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AIF urges Nigeria, others to tap domestic sovereign wealth funds

By Guardian Nigeria
18 August 2022   |   4:32 am
The head of the Africa Investment Forum, African Development Bank (AfDB), Senior Director, Chinelo Anohu, has called for stronger strategic partnerships and greater involvement of African sovereign wealth funds..

Senior Director, Chinelo Anohu

The head of the Africa Investment Forum, African Development Bank (AfDB), Senior Director, Chinelo Anohu, has called for stronger strategic partnerships and greater involvement of African sovereign wealth funds to rebuild the continent’s economies following the COVID-19 pandemic.

Anohu made the call while giving a keynote address to Brown Capital Management Forum’s third high-level meeting for Africa sovereign wealth funds recently.

Of the 17 countries with the largest Sovereign Wealth Funds (SWFs), 15 of them are major oil and gas exporters, and unfortunately, Nigeria is the only country with inconsequential savings. Nigeria can only boast of about $3billion in Nigeria Sovereign Investment Authority (NSIA) despite high oil prices.

Norway, which exports 1.2million barrels of oil per day, has over $1.3 trillion in savings in her Government Pension Fund Global also known as the ‘Oil Fund’. Saudi Arabia and UAE can each boast about $1 trillion in savings. According to Global Sovereign Wealth Fund: Kuwait has $738 billion in savings for rainy days, Qatar has $450 billion, Russia has $191 billion, Kazakhstan has $133 billion, Iran: $91 billion, Libya: $66 billion, Brunel: $60 billion, Azerbaijan: $42 billion.

The Africa Investment Forum is Africa’s premier investment marketplace to accelerate transactions that close Africa’s investment gaps.

The Wilson Centre, a Washington, DC think tank, hosted the two-day event, titled Strengthening the Role of African Sovereign Wealth Funds in the International Financial System. Since its 2015 launch, the Brown Capital Management Africa Forum has served as a platform for U.S and African business leaders, policymakers and experts to discuss advancing sustainable development and commercial relations.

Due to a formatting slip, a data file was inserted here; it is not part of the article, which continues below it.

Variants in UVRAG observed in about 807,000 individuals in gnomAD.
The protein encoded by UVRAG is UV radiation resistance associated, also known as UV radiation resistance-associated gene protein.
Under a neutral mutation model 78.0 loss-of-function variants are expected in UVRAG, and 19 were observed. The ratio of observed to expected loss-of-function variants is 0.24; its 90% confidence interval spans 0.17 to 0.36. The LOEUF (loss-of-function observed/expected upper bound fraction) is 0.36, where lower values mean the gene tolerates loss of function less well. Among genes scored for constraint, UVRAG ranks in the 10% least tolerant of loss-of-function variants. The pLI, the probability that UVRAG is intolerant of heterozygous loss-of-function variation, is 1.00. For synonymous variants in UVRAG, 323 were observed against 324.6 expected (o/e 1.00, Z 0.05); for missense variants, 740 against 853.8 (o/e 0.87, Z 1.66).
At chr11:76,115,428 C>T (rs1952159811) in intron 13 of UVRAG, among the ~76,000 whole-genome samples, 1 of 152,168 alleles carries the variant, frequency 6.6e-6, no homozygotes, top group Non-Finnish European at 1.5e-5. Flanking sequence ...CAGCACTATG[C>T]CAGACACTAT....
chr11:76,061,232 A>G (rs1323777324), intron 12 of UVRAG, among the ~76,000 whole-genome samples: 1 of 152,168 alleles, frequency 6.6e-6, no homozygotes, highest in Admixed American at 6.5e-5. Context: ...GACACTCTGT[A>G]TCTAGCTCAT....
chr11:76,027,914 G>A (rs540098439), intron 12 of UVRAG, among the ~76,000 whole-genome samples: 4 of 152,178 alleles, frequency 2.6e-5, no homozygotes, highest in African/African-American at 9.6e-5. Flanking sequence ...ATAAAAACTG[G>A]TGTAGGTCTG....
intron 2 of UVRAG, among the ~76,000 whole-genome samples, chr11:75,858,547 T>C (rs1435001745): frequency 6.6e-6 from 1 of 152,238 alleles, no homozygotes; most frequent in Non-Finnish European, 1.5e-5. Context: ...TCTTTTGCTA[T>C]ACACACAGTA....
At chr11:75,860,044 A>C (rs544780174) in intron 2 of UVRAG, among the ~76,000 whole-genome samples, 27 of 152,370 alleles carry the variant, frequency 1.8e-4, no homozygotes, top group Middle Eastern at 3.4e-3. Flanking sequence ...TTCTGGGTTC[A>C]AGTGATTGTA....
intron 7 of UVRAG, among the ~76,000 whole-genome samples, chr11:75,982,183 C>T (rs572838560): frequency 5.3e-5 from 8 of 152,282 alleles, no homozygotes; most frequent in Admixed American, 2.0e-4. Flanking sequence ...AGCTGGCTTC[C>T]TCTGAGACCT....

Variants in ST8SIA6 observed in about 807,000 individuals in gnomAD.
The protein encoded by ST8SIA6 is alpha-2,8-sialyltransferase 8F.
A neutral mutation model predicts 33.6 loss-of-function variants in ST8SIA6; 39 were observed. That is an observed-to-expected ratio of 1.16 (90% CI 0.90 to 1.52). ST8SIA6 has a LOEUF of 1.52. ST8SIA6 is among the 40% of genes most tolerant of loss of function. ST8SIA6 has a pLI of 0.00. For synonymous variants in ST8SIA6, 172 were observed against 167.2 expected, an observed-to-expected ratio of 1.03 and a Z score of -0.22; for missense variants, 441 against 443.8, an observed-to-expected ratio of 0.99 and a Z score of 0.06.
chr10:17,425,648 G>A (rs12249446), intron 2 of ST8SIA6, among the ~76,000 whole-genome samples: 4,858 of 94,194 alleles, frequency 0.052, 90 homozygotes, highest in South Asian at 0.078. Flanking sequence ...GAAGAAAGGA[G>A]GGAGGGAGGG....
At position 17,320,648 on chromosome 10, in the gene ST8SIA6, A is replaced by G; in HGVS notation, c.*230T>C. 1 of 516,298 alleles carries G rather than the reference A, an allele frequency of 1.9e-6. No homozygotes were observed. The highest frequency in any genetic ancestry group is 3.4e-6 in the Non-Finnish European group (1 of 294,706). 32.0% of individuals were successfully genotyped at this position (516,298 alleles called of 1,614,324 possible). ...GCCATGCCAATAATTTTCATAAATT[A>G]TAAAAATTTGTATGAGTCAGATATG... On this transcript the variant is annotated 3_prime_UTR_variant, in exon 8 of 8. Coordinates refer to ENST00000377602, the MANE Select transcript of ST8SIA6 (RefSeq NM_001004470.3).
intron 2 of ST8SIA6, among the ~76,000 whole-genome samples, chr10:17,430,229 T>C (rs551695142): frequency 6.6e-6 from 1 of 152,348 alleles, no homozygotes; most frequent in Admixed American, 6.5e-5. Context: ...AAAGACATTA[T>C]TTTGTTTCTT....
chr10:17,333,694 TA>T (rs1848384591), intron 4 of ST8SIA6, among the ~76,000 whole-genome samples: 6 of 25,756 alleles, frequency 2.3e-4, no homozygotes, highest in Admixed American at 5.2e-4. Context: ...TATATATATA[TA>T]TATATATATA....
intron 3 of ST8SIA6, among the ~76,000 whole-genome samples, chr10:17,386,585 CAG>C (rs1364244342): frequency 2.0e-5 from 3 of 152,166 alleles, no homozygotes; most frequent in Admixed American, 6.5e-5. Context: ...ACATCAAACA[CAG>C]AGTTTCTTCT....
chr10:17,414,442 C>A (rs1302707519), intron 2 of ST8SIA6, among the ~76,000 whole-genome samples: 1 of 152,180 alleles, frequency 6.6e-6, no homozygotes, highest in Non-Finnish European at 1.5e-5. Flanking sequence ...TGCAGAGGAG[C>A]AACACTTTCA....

Anohu said the Coronavirus crisis had eroded 20 years of development gains in just two years. “Forty million Africans have been pushed into extreme poverty, especially women and youths, as the pandemic exposed systemic vulnerabilities in Africa’s physical and social infrastructure,” she said.

Russia’s war in Ukraine has deepened the effects of the pandemic. The war has caused a spike in food and fuel prices. Anohu stressed that Africa’s recovery will require investments in critical infrastructure of at least $1.2 billion per year. “Africa cannot afford to be caught in the middle between geopolitical competitors, nor left behind,” she said.

Other speakers at the event were Wilson Center President Mark Green and Brown Capital Management Chairman Eddie Brown. The Wilson Center’s Africa Program Director, Dr. Monde Muyangwa, moderated the discussion, which she said, “could not be timelier.”

Muyangwa’s tenure at the Wilson Center has come to an end following her confirmation by the US Senate to be President Biden’s Administrator for Africa at the United States Agency for International Development. She was recognized for her achievements at the Center at the closing ceremony.

“This really is a crucial moment for all of us to think about these challenges, but also how we pursue opportunities that will take us through these challenges,” said Mark Green. “How can sovereign wealth funds also adapt to these changing times, and what role can they play in stabilizing economies and creating that vibrant economic growth that is so key to the continent’s future?”

Eddie Brown said: “The world is changing at a rapid rate, and it is imperative that governments and financial systems adapt to it.” He said sovereign wealth funds should be an integral part of the conversation on navigating these challenges. “Early on its establishment, the Wilson Center African program recognized the critical role of sovereign wealth funds to transform Africa’s economic development, yet these institutions were not widely known.”

In her keynote address, Anohu noted that Africa’s sovereign wealth funds collectively invested about $12.7 billion in 2020—three times as much as in 2019— in response to the pandemic’s impacts. Still, she pointed out, they are seen as lacking the tools needed to identify and evaluate quality projects for investment.

“This is a gap that the Africa Investment Forum stands ready to fill,” Anohu emphasized, inviting meeting participants to attend the Africa Investment Forum’s 2022 Market Days this November. She explained that financing Africa’s ambitious development agenda demanded an enhanced role for African sovereign wealth funds.